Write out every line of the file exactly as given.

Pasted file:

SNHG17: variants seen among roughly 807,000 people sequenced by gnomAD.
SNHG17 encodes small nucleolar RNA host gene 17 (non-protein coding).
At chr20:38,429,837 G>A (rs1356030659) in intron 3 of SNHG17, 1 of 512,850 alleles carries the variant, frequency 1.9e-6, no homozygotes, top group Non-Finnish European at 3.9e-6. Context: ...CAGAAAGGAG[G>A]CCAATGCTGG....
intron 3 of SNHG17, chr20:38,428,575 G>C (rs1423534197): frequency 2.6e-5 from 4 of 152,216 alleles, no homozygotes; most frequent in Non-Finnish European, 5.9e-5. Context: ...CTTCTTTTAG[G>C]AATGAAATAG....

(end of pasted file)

SNHG17: variants seen among roughly 807,000 people sequenced by gnomAD.
SNHG17 encodes small nucleolar RNA host gene 17 (non-protein coding).
At chr20:38,429,837 G>A (rs1356030659) in intron 3 of SNHG17, 1 of 512,850 alleles carries the variant, frequency 1.9e-6, no homozygotes, top group Non-Finnish European at 3.9e-6. Context: ...CAGAAAGGAG[G>A]CCAATGCTGG....
intron 3 of SNHG17, chr20:38,428,575 G>C (rs1423534197): frequency 2.6e-5 from 4 of 152,216 alleles, no homozygotes; most frequent in Non-Finnish European, 5.9e-5. Context: ...CTTCTTTTAG[G>C]AATGAAATAG....